[LINK] When private cops get out of hand...
rick at praxis.com.au
Sun Apr 15 11:31:27 EST 2007
rchirgwin at ozemail.com.au wrote:
> "Fed up with falling sales, the industry ... has been discussing tough
> new guidelines"
> And the industry's response to this?
>> "Under this system, people who illegally download songs would be given
>> three written warnings by their Internet service provider.
>> If they continued to illegally download songs, their internet account
>> would be suspended or terminated.
>> Those with dial-up internet could face having their phone disconnected.
> So now we have a private company deciding that it should be empowered to
> decide who has the right to a telephone line.
Well, we don't have this situation *now*.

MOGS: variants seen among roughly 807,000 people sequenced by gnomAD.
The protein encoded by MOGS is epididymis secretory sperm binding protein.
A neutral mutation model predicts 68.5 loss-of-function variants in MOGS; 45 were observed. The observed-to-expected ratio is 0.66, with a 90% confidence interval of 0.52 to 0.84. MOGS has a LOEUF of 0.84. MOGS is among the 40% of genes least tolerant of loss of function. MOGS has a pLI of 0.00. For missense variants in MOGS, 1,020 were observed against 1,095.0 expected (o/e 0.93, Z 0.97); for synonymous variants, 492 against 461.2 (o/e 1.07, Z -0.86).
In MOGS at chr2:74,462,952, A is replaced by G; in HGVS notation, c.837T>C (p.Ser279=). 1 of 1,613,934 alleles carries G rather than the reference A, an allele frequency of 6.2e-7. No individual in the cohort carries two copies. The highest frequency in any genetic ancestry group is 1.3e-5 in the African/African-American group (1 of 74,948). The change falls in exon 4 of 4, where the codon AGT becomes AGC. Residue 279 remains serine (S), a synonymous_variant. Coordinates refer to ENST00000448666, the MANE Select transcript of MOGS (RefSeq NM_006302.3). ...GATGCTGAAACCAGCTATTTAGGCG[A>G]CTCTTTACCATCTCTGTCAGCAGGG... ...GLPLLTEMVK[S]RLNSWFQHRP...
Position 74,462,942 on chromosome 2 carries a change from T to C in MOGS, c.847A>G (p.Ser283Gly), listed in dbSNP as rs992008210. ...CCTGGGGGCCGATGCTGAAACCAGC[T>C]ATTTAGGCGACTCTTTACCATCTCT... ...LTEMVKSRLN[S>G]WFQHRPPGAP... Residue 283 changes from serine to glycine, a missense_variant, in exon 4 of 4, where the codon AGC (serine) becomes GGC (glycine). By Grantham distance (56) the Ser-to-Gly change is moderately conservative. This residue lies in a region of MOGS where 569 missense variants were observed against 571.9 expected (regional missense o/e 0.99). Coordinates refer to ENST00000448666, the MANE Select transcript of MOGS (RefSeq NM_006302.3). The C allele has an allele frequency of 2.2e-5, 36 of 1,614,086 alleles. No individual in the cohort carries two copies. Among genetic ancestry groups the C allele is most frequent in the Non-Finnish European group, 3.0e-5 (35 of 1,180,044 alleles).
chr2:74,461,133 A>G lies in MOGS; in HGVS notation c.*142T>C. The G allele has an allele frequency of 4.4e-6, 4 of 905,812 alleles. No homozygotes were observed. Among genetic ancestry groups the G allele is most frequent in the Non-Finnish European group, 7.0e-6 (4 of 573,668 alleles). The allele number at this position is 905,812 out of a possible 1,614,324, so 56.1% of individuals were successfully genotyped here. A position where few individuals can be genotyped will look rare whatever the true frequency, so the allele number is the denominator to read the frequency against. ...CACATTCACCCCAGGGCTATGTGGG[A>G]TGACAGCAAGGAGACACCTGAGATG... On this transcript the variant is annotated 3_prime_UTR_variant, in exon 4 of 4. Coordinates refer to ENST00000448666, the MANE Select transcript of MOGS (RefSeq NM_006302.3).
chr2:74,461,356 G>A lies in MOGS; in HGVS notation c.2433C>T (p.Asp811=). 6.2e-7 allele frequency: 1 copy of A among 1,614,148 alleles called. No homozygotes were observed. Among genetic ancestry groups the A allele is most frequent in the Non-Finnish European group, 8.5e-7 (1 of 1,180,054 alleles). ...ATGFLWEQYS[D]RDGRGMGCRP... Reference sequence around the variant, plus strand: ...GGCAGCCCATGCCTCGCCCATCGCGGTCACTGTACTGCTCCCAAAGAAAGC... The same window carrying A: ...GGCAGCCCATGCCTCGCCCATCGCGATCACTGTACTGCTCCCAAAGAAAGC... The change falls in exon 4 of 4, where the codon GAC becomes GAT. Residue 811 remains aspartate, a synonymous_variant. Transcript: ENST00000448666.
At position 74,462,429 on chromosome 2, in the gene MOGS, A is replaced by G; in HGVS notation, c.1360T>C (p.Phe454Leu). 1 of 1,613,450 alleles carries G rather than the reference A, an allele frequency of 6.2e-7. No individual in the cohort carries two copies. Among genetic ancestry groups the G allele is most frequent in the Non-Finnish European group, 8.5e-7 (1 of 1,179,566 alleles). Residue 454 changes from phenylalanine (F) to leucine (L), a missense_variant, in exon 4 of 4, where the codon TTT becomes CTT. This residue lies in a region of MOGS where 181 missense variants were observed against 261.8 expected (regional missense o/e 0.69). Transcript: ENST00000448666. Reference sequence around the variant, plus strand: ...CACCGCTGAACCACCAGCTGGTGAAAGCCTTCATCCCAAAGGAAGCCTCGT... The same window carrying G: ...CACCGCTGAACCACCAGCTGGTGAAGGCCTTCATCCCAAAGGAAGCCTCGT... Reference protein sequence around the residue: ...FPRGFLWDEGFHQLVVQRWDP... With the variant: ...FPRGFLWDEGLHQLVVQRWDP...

Legislation would need to be passed. As well, a right of reply and to
offer your defense would be necessary. The burden of proof would lay
with the record company in conjunction with the ISP to prove an
infringement. It would be my right to examine the evidence and request
an audit if need be.
Something as simple as a mismatch between IP address and customer account
could easily occur. Especially with dynamic IPs.
Another mitigating factor would be an open and insecure home wireless
network that has been hijacked.
And another factor: machine ownership / zombie box syndrome. Who is to
say that the pr0n and p2p software running on a hacked PC was actually
installed and run by its owner?
Any other factors that would affect the fairness of such a proposal?
Something in the article bothers me. How do record companies now *know*
that certain people are downloading certain things? Isn't the implementation
of such snooping illegal and tantamount to wiretapping? I can feel
a new thread coming on: exactly who has the right to eavesdrop on
my Internet traffic? Certainly not *everyone*?!
Rick Welykochy || Praxis Services
His mother should have thrown him away and kept the stork.
-- Mae West
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